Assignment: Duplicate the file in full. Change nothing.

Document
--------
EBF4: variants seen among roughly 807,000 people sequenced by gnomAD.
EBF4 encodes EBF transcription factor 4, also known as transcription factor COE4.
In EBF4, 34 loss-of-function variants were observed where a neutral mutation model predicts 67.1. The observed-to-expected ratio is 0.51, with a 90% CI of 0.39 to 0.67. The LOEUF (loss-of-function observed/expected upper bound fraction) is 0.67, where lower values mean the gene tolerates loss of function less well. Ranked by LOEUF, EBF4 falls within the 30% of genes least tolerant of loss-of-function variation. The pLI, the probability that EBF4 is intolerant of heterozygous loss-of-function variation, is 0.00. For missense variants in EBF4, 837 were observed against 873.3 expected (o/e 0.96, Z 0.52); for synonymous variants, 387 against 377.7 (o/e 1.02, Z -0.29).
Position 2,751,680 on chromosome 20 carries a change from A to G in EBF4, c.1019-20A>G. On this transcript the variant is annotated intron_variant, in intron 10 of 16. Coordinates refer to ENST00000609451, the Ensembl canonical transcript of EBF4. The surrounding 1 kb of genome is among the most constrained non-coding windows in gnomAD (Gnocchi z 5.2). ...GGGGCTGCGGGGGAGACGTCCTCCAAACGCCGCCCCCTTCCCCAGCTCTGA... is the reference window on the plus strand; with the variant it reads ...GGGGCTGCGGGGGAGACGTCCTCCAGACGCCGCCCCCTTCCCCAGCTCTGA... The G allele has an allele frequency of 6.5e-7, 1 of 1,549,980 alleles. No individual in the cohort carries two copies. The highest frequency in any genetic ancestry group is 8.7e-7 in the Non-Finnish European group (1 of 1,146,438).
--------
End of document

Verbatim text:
EBF4: variants seen among roughly 807,000 people sequenced by gnomAD.
EBF4 encodes EBF transcription factor 4, also known as transcription factor COE4.
In EBF4, 34 loss-of-function variants were observed where a neutral mutation model predicts 67.1. The observed-to-expected ratio is 0.51, with a 90% CI of 0.39 to 0.67. The LOEUF (loss-of-function observed/expected upper bound fraction) is 0.67, where lower values mean the gene tolerates loss of function less well. Ranked by LOEUF, EBF4 falls within the 30% of genes least tolerant of loss-of-function variation. The pLI, the probability that EBF4 is intolerant of heterozygous loss-of-function variation, is 0.00. For missense variants in EBF4, 837 were observed against 873.3 expected (o/e 0.96, Z 0.52); for synonymous variants, 387 against 377.7 (o/e 1.02, Z -0.29).
Position 2,751,680 on chromosome 20 carries a change from A to G in EBF4, c.1019-20A>G. On this transcript the variant is annotated intron_variant, in intron 10 of 16. Coordinates refer to ENST00000609451, the Ensembl canonical transcript of EBF4. The surrounding 1 kb of genome is among the most constrained non-coding windows in gnomAD (Gnocchi z 5.2). ...GGGGCTGCGGGGGAGACGTCCTCCAAACGCCGCCCCCTTCCCCAGCTCTGA... is the reference window on the plus strand; with the variant it reads ...GGGGCTGCGGGGGAGACGTCCTCCAGACGCCGCCCCCTTCCCCAGCTCTGA... The G allele has an allele frequency of 6.5e-7, 1 of 1,549,980 alleles. No individual in the cohort carries two copies. The highest frequency in any genetic ancestry group is 8.7e-7 in the Non-Finnish European group (1 of 1,146,438).